October is the season of Halloween and tricks and treats, but American university campuses recently have fallen prey to a social media hoax in which a dangerous clown (and sometimes a set of clowns) is reported. Similar accounts have occurred at campuses, where often-blurry photos are posted on social media, the images go viral, bogus alerts are circulated — and no one actually sees any clowns.
"This is as much about the nature of the news as it is about the mode of delivery because today's stories of all kinds move so swiftly," says Catherine F. Brooks, director of the University of Arizona's Center for Digital Society and Data Studies. "Because the clown story is traveling by social media, it is fast and furious. It propagates easily. It moves faster and faster, and it takes hold in communities of people and becomes fashionable."
Universities in New York, South Carolina, Wisconsin, Ohio and Arizona have dealt recently with false claims of violent clowns on campus.
"We find that unpredictable things catch on in social media, like Grumpy Cat or Batdad on Facebook, or even Pokémon Go," Brooks says. "Is it students who like the excitement and like to be scared? Is it that students at this time of the year have time to mess with photos and media to create this kind of hysteria? Are students and their families genuinely worried about these clowns? The mass embrace of clown stories could truly be a mix of all of these things, and it may even be a marketing plan for the latest clown movies or products."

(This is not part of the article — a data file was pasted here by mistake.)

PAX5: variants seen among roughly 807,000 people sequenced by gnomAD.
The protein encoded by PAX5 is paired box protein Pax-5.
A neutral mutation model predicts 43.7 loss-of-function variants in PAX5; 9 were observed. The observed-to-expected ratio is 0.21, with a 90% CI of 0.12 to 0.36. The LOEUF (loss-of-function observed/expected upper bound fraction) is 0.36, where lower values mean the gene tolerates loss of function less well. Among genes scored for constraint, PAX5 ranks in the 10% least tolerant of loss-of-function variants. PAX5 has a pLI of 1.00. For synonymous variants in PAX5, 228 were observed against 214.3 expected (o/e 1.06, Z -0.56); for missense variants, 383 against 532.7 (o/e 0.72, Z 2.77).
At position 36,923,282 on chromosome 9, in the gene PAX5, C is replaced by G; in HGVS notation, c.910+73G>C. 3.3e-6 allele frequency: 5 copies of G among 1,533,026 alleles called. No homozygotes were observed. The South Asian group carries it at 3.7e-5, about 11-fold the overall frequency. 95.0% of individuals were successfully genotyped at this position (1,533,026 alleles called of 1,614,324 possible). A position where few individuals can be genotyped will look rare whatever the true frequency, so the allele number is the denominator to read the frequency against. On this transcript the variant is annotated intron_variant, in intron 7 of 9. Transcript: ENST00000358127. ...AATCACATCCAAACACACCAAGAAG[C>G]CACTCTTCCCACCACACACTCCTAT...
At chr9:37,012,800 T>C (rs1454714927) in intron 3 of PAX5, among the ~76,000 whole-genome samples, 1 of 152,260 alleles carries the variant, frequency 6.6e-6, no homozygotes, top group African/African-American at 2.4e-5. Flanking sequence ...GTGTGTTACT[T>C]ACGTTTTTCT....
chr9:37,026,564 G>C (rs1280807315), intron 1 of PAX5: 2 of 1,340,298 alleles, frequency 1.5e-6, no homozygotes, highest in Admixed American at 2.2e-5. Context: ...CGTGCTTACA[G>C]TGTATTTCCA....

The knife-wielding clown story can be a drain on law enforcement resources on campuses. At one university in Pennsylvania, an estimated 6,000 students attempted to hunt down the scary clown. Campuses have struggled to manage clown-related reports.
"We all need an understanding that some information is misinformation and before panicking we need to use our resources to research further," Brooks says. "On the other hand, institutions have to take these threats seriously, even if they suspect false reporting."
The UA Center for Digital Society and Data Studies, a research center in Arizona's new iSchool in the College of Social and Behavioral Sciences, aims to bridge disciplinary, geographic, methodological and paradigmatic divides in order to address some of the major technology, data and human-use issues faced today. These include issues surrounding privacy, data curation, digitizing information, organization of data and management of tensions relative to individual identities.
Social media movements, group behavior and online communities such as those involving clown fans are among the sociological topics addressed by scholars affiliated with the center.
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Catherine F. Brooks
UA Center for Digital Society and Data Studies